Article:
* 29-year KPMG veteran sentenced in Los Angeles
* Friend was tipped about news involving KPMG clients
(Adds details of allegations, background; paragraphs 1-4, 7-9)
By Jonathan Stempel
April 24 Former KPMG LLP senior partner Scott
London, who had provided tips to a friend about the accounting
firm's clients, was sentenced to 14 months in prison on an
insider trading charge by a federal judge in Los Angeles on
London, 51, pleaded guilty in July to securities fraud for
having tipped Bryan Shaw, a jeweler and golfing partner, about
at least 14 acquisitions or earnings announcements by KPMG
clients, including Herbalife Ltd and Skechers USA Inc
Prosecutors said Shaw made about $1.27 million of illegal
profit by trading on the information, and paid London more than
$60,000 in cash plus gifts such as a $12,000 Rolex watch and
tickets to a Bruce Springsteen concert in return.
U.S. District Judge George Wu, who imposed the sentence,
also ordered London to pay a $100,000 fine and serve three years
of supervised release, said a spokesman for U.S. Attorney André
Birotte in Los Angeles. London must surrender by July 18.
The prison sentence was shorter than the three-year term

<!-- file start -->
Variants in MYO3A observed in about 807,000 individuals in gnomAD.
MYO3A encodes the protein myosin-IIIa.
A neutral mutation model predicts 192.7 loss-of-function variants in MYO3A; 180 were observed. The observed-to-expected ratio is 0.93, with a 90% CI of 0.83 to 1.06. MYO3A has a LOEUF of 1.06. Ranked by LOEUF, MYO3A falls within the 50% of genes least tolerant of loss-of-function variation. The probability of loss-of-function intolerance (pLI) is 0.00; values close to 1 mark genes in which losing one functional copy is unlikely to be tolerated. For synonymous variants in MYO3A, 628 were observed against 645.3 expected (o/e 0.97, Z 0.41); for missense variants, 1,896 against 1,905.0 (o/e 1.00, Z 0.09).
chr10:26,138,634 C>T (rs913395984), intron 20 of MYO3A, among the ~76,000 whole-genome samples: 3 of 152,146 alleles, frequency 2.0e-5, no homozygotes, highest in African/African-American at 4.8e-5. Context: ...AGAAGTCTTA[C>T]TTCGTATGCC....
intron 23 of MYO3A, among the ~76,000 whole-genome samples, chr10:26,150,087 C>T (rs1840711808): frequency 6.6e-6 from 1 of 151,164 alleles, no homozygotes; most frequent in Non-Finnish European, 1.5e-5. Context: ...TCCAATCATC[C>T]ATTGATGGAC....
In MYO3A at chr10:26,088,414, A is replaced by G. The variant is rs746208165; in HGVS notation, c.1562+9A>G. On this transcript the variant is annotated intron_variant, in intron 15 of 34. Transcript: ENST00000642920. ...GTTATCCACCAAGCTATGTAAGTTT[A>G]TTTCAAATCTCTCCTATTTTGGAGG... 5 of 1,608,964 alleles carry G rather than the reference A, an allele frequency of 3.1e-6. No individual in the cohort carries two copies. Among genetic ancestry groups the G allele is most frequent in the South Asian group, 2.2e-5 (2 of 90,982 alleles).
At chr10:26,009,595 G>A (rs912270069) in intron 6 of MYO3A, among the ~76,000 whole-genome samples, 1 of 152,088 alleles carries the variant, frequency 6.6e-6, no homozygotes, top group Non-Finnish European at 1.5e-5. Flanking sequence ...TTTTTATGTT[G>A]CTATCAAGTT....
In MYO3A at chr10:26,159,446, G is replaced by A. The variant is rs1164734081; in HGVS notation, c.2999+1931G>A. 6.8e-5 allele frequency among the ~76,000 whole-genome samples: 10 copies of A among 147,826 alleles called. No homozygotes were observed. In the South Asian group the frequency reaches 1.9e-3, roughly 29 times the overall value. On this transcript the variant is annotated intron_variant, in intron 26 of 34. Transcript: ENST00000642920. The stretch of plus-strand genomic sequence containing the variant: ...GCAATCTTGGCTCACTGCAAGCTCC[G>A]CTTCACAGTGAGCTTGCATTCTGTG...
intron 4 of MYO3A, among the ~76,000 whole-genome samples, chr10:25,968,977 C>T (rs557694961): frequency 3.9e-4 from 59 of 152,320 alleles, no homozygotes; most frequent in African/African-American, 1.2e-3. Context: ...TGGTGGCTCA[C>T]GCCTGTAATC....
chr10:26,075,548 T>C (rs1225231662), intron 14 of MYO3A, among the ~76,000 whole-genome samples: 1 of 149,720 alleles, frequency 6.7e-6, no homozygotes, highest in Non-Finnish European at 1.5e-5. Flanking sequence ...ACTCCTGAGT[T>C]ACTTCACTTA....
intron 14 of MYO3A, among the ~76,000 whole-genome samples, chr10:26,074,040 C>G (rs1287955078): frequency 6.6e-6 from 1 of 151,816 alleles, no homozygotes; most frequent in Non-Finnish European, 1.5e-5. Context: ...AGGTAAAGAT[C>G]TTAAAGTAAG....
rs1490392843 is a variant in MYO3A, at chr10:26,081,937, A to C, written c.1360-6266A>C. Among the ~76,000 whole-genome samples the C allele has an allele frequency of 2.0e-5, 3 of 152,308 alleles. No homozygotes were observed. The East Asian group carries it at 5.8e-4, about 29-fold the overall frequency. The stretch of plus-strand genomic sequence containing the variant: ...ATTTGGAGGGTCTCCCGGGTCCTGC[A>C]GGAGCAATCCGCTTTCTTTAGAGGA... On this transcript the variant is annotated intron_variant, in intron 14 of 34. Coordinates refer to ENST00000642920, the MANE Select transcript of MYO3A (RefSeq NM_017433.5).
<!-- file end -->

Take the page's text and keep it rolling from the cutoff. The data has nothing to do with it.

that prosecutors had sought. London had asked for probation.
"It seemed like a fair sentence," London's lawyer, Harland
Braun, said in an interview. "He has given up an enormous
amount, in terms of his career and the public disgrace. When he
was confronted by the FBI, he protected KPMG and his clients by
fully cooperating immediately."
Before his April 2013 arrest, London worked for 29 years at
KPMG and supervised more than 500 people as head of its audit
practice in Los Angeles. London was ultimately fired.
"He is very remorseful," Braun said. "It is inexplicable
what he did, and given his income he didn't do it for money. He
just got on a slippery slope with someone who was his friend,
and he doesn't excuse it."
Shaw pleaded guilty in May 2013 to a conspiracy charge, and
is scheduled to be sentenced on May 19, court records show.
Neither KPMG nor other employees were implicated in wrongdoing.
The case is U.S. v. London, U.S. District Court, Central
District of California, No. 13-cr-00379.
(Reporting by Jonathan Stempel and Ronald Grover in New York;
Editing by Mohammad Zargham)